// Abstract //
The thesis explores the use of wooden room modules for temporary healthcare facilities. Today, temporary healthcare facilities have a broad usage area; the typology is used when expanding hospitals, creating temporary wards, and forming self-standing hospitals. In the future, the use of temporary healthcare facilities will also increase due to impending pandemics and natural disasters and renovations and upgrades of hospitals. This thesis aims to contribute to developing the building typology of temporary buildings for the healthcare sector.
The thesis investigates how room modules can be built to fit the needs of general wards and how they can be combined to create spaces that fulfill the healthcare sector’s needs. The thesis also investigates how modules can be designed for disassembly. with a circular approach to them and
A qualitative approach is used in a comprehensive literature review investigating four subjects 1. temporary buildings 2. modular building systems 3. Sustainable buildings 4. Healthcare architecture. The study leads to a design exploration where the findings are tested in a concept development and design proposal.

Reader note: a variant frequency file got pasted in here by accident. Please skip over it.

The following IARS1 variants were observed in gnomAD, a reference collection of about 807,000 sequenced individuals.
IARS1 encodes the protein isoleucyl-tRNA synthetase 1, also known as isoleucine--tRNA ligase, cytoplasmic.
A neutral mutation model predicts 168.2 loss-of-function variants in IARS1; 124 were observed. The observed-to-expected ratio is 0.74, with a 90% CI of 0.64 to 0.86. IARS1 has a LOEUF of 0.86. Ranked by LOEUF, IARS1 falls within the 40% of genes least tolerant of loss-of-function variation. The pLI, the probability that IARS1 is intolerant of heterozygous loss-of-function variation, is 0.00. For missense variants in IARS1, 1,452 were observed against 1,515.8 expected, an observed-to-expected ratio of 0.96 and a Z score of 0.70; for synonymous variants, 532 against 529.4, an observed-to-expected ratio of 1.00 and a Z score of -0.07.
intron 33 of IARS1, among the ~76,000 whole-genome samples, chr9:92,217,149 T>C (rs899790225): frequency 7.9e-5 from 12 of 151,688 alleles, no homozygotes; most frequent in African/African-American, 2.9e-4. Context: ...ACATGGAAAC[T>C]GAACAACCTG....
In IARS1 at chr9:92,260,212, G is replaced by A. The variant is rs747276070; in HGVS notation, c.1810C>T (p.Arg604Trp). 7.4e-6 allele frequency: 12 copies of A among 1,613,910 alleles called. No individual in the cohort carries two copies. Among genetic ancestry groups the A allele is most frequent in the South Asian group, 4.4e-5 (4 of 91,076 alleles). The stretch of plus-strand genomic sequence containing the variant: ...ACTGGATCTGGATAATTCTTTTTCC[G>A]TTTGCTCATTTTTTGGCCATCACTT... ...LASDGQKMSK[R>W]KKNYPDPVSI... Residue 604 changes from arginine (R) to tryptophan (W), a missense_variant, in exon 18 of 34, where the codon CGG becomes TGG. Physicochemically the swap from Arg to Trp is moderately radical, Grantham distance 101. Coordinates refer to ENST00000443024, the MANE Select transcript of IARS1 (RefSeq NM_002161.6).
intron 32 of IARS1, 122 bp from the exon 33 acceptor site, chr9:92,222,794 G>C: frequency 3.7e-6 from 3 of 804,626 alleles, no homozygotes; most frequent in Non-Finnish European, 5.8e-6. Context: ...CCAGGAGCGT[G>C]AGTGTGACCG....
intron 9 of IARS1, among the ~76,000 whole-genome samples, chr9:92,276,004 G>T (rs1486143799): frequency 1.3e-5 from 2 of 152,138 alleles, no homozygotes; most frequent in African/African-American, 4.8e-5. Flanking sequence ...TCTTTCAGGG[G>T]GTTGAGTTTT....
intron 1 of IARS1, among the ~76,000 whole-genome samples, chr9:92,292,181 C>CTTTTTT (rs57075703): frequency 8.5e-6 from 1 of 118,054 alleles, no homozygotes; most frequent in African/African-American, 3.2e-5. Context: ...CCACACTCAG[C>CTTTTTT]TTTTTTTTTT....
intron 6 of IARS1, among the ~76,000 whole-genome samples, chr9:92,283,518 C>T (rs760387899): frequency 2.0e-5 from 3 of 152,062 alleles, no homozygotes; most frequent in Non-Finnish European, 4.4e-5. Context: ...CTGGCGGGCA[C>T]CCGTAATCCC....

The result of the project is a proposal for prefabricated room modules with a Cross-Laminated Timber (CLT) structure as a building system for temporary healthcare facilities. It proposes versatile room modules that come in three sizes to fit the needs of different projects. The room modules can either be used as they are or complement each other to form larger spaces. The building system is designed to be reusable and disassemblable, and a circular strategy is made for it. Finally, a design proposal is made that suggests how different room modules can be combined to create a temporary two-level ward unit for a hospital.